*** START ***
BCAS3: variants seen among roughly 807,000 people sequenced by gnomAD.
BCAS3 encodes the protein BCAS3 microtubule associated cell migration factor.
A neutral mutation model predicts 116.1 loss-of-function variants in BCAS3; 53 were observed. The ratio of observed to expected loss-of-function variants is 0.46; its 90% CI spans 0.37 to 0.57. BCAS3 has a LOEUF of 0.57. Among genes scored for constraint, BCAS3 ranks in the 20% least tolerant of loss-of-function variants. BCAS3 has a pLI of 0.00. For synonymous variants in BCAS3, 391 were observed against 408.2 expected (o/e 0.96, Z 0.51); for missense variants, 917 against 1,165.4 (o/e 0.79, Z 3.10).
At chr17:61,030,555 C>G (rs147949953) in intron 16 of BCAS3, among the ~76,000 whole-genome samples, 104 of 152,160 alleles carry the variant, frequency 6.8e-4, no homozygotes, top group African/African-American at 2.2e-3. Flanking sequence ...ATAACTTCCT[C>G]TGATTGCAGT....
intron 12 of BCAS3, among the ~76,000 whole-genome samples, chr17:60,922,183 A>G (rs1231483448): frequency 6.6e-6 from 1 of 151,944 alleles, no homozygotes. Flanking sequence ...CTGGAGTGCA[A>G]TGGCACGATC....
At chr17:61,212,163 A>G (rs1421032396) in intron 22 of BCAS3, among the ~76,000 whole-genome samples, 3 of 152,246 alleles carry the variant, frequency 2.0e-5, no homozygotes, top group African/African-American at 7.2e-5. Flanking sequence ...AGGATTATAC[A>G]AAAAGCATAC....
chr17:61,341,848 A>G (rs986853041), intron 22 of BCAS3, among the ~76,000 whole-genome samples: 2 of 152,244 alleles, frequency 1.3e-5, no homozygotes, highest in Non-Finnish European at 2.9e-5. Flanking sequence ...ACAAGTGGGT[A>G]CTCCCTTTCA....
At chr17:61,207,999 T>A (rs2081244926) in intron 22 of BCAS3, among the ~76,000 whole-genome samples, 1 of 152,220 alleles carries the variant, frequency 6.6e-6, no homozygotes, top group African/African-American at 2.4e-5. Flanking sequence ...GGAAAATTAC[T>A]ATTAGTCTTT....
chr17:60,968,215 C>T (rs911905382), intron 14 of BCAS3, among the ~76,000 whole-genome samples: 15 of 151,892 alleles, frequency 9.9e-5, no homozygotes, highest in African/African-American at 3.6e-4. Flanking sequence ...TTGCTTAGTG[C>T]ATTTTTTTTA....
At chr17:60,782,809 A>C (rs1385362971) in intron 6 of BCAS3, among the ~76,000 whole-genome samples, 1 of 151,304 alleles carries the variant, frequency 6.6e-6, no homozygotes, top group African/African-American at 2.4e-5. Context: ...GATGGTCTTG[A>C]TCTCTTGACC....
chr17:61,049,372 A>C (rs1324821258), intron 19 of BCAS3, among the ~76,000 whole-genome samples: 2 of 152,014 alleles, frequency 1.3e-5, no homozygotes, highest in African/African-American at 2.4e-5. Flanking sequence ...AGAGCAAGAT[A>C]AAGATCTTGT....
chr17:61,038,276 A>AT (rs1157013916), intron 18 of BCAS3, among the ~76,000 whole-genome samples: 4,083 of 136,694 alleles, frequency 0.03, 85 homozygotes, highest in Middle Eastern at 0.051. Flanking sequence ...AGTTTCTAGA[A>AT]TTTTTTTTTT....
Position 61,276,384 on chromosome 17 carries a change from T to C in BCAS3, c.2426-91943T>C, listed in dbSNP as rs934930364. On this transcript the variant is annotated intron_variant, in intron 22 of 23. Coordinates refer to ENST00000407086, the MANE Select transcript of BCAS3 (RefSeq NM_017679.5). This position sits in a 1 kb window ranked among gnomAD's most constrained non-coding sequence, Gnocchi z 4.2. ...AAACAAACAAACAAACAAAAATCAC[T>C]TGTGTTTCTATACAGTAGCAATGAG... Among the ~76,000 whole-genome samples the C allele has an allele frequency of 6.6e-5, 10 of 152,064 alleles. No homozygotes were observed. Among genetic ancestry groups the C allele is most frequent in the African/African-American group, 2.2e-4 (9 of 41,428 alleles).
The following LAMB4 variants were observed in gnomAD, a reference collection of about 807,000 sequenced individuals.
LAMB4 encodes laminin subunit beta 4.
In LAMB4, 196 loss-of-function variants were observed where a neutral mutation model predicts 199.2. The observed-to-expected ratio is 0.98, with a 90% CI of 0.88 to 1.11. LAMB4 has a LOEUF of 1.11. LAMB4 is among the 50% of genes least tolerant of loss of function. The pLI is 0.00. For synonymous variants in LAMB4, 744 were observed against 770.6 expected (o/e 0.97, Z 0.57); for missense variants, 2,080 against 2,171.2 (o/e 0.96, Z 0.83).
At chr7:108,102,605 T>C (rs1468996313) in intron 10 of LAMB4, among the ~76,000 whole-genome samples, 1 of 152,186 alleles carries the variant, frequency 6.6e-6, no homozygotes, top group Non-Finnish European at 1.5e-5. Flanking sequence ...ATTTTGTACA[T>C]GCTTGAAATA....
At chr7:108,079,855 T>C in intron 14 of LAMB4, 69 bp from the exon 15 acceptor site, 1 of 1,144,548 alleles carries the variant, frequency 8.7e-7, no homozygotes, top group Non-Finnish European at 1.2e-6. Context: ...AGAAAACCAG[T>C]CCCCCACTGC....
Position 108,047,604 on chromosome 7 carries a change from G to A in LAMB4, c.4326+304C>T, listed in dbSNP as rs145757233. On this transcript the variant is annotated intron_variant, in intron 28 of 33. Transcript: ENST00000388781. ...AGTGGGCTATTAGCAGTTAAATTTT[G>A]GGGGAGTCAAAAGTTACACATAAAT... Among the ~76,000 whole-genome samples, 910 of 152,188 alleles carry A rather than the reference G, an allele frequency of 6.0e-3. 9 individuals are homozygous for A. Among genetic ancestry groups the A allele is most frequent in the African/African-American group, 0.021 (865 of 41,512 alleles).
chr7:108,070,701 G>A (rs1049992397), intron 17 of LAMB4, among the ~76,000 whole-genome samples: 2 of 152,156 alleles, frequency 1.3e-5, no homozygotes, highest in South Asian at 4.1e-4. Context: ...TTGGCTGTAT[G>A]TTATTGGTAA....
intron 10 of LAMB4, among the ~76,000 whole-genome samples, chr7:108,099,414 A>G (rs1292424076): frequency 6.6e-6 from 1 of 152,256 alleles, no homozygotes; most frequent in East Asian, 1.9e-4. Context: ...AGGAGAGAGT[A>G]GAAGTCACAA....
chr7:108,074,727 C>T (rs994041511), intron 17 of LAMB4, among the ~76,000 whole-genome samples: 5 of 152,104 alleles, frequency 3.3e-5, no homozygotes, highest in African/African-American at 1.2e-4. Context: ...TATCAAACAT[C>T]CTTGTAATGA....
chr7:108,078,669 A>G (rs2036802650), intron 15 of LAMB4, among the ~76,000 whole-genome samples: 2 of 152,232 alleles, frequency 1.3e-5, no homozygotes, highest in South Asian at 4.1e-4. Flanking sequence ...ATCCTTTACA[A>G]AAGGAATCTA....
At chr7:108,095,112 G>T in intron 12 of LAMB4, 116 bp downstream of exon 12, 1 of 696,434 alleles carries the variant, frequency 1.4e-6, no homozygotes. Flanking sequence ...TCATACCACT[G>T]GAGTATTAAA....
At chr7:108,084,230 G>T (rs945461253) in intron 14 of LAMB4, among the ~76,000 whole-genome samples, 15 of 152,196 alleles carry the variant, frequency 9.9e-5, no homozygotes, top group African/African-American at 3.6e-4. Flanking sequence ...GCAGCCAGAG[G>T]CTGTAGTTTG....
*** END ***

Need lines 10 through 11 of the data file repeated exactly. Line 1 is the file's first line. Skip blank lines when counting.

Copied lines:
At chr17:60,782,809 A>C (rs1385362971) in intron 6 of BCAS3, among the ~76,000 whole-genome samples, 1 of 151,304 alleles carries the variant, frequency 6.6e-6, no homozygotes, top group African/African-American at 2.4e-5. Context: ...GATGGTCTTG[A>C]TCTCTTGACC....
chr17:61,049,372 A>C (rs1324821258), intron 19 of BCAS3, among the ~76,000 whole-genome samples: 2 of 152,014 alleles, frequency 1.3e-5, no homozygotes, highest in African/African-American at 2.4e-5. Flanking sequence ...AGAGCAAGAT[A>C]AAGATCTTGT....